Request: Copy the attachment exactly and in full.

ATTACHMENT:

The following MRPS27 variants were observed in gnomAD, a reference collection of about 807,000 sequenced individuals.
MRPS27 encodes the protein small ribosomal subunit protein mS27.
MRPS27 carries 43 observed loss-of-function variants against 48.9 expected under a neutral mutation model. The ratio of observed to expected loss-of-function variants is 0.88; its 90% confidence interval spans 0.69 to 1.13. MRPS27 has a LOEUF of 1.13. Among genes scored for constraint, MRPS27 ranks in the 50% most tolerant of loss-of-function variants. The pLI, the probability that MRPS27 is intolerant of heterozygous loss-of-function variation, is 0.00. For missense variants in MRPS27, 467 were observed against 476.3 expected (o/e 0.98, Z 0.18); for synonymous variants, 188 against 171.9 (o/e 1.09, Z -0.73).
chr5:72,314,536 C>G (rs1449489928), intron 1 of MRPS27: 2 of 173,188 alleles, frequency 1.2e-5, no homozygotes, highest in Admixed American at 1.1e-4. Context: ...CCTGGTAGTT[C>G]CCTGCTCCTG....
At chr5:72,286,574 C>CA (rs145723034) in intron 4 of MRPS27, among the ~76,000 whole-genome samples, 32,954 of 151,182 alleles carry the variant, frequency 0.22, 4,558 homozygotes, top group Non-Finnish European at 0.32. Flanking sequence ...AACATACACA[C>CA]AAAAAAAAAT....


The following MRPS27 variants were observed in gnomAD, a reference collection of about 807,000 sequenced individuals.
MRPS27 encodes the protein small ribosomal subunit protein mS27.
MRPS27 carries 43 observed loss-of-function variants against 48.9 expected under a neutral mutation model. The ratio of observed to expected loss-of-function variants is 0.88; its 90% confidence interval spans 0.69 to 1.13. MRPS27 has a LOEUF of 1.13. Among genes scored for constraint, MRPS27 ranks in the 50% most tolerant of loss-of-function variants. The pLI, the probability that MRPS27 is intolerant of heterozygous loss-of-function variation, is 0.00. For missense variants in MRPS27, 467 were observed against 476.3 expected (o/e 0.98, Z 0.18); for synonymous variants, 188 against 171.9 (o/e 1.09, Z -0.73).
chr5:72,314,536 C>G (rs1449489928), intron 1 of MRPS27: 2 of 173,188 alleles, frequency 1.2e-5, no homozygotes, highest in Admixed American at 1.1e-4. Context: ...CCTGGTAGTT[C>G]CCTGCTCCTG....
At chr5:72,286,574 C>CA (rs145723034) in intron 4 of MRPS27, among the ~76,000 whole-genome samples, 32,954 of 151,182 alleles carry the variant, frequency 0.22, 4,558 homozygotes, top group Non-Finnish European at 0.32. Flanking sequence ...AACATACACA[C>CA]AAAAAAAAAT....